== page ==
Exploratory discourses between Research Director of the College of Agriculture, Family Sciences and Technology at the Fort Valley State University (FVSU), Georgia USA Dr Govind Kannan and Guyana government officials could lead to multi-faceted collaboration between Guyana and the US-based university aimed at enhancing capacity in the country’s agricultural sector.
Dr Kannan who is also Dean of the Agricultural Faculty at FVSU, accompanied the University’s President, Guyanese-born Dr Ivelaw Griffith on a visit to Guyana earlier this week.
Kannan told Stabroek Business on Monday that he welcomed the opportunity to be inGuyana to examine possible areas of collaboration between Fort Valley’s College of Agriculture and Guyana’s agriculture sector.
The Indian-born Animal Scientist whose areas of scientific research include small ruminants, said Fort Valley was likely to be interested in, among other things, working at the community level with small farms and underprivileged farmers, empowering them with the knowledge and technical skills necessary to sustain successful agricultural enterprises.
Dr Griffith and Dr Kannan were due to meet President Donald Ramotar last Wednesday to discuss, among other things, a role for Guyana in a proposed Center for Homeland and Global Food Security at Fort Valley State University.
Asserting that “food security is not just about agriculture,” Griffith said “part of the challenges of food security is educating people properly. Some of the people who are to be educated are illiterate, you cannot write books for them. You have to find ways – through video, through art, through culture to send the message.”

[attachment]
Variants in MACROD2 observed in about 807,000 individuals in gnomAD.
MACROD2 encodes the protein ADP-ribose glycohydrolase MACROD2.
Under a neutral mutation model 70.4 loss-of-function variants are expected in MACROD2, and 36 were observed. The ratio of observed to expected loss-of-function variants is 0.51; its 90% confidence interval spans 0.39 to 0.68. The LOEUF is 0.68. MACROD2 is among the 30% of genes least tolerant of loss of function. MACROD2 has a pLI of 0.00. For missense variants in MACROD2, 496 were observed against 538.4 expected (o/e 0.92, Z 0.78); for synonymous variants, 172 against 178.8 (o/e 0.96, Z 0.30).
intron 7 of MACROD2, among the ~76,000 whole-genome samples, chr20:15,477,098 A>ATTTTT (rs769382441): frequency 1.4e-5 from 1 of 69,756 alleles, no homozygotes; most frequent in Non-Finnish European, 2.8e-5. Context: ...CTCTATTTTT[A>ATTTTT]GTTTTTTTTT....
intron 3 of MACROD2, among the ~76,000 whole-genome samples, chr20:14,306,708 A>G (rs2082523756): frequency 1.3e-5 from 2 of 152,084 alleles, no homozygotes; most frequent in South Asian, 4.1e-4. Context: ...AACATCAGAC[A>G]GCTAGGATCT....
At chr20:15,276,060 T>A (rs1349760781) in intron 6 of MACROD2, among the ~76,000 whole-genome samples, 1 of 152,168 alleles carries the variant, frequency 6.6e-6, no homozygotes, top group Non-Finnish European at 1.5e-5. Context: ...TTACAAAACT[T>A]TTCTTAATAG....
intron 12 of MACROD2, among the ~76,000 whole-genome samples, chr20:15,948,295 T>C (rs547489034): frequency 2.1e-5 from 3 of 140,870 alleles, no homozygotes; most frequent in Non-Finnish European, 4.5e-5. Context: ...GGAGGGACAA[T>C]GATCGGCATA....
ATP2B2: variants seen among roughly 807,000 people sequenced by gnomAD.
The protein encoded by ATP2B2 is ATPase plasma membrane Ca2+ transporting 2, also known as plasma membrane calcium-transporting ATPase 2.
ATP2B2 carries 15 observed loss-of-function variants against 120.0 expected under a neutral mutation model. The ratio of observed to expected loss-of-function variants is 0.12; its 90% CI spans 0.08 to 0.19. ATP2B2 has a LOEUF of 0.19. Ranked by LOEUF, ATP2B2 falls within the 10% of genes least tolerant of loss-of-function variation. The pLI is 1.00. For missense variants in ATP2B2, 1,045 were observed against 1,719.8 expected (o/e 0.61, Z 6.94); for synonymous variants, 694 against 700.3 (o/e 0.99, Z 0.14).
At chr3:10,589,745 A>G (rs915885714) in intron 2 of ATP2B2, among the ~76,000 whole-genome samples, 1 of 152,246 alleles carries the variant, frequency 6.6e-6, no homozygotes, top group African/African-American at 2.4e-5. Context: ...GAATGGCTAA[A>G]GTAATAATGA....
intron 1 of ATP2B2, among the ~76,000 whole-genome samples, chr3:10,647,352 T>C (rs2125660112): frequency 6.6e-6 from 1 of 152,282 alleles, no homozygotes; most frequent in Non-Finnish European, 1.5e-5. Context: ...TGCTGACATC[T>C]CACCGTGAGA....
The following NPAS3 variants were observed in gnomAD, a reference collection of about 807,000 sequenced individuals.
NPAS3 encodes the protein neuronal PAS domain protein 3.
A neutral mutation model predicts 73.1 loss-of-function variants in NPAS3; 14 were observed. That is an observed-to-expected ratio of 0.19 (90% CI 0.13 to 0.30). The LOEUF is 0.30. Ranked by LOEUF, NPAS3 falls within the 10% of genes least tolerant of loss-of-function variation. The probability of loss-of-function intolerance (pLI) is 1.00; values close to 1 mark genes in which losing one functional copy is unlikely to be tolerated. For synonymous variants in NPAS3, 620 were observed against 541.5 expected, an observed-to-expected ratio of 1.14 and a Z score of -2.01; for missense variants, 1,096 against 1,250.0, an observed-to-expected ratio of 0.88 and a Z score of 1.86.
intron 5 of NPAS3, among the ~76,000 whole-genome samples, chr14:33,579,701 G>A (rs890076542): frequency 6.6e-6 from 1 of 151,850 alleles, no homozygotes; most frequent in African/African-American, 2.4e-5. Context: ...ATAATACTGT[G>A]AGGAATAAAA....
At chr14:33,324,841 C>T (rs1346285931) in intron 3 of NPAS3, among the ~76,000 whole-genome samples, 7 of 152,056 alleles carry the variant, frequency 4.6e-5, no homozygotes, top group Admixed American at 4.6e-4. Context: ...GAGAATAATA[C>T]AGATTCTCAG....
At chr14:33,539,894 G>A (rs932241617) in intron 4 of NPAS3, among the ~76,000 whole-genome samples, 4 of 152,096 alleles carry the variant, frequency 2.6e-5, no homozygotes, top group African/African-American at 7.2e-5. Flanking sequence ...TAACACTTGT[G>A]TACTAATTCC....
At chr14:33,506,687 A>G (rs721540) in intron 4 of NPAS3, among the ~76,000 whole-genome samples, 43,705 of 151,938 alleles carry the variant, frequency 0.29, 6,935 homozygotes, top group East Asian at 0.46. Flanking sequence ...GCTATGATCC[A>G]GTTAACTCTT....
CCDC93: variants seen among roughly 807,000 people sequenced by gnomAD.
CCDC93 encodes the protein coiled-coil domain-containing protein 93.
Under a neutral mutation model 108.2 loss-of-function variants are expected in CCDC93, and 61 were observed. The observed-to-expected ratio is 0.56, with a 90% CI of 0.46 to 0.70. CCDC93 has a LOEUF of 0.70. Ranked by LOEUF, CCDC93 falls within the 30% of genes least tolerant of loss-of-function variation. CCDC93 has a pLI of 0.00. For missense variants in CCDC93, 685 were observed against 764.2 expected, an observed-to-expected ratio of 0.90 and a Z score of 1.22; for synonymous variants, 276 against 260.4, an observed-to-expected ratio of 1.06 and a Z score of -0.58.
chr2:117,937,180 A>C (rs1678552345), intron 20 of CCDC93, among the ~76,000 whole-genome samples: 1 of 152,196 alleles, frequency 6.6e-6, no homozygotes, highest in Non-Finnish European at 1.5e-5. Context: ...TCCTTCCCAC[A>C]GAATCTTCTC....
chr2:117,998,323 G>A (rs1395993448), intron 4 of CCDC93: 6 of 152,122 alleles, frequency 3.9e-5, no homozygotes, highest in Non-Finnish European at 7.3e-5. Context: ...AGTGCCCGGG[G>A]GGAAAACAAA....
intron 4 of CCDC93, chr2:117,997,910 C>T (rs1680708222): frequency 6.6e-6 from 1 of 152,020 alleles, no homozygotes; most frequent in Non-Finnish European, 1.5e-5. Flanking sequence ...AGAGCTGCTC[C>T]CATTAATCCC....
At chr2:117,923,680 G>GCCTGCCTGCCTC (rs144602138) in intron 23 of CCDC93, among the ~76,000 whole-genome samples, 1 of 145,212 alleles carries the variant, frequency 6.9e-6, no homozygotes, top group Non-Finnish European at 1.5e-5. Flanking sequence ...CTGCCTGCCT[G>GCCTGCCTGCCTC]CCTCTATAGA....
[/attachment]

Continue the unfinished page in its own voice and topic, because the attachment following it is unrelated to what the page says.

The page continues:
According to Kannan, the strength of Fort Valley’s agricultural programme reposes in its work with “small ruminants, sheep and goats… The kind of people we serve are rural farmers… That is what is going to revitalize rural communities around the world. The areas of research we emphasize have a global impact.”
Griffith told Stabroek Business that he believed that part of the challenge of food security goes beyond producing enough food. It is, he said, also a matter of “how you reduce spoilage from place of production to market” as well as how you pursue logistics efficiently “to move food from the interior to other parts of the country… Given Guyana’s geography it is difficult to move food from Paramakatoi or Imbaimadai to Georgetown without spoilage. How do you bring logistics together? How do you bring the culture people together?”
He said that pursuing food security involved bringing the economists, the animal scientists and the bio-technology specialists together, “because it is not simply about farming, it is about getting food to people.”
Collaboration between Fort Valley State University and Guyana could embrace both specially designed programmes for farmers with limited formal education and conventional university academic programmes.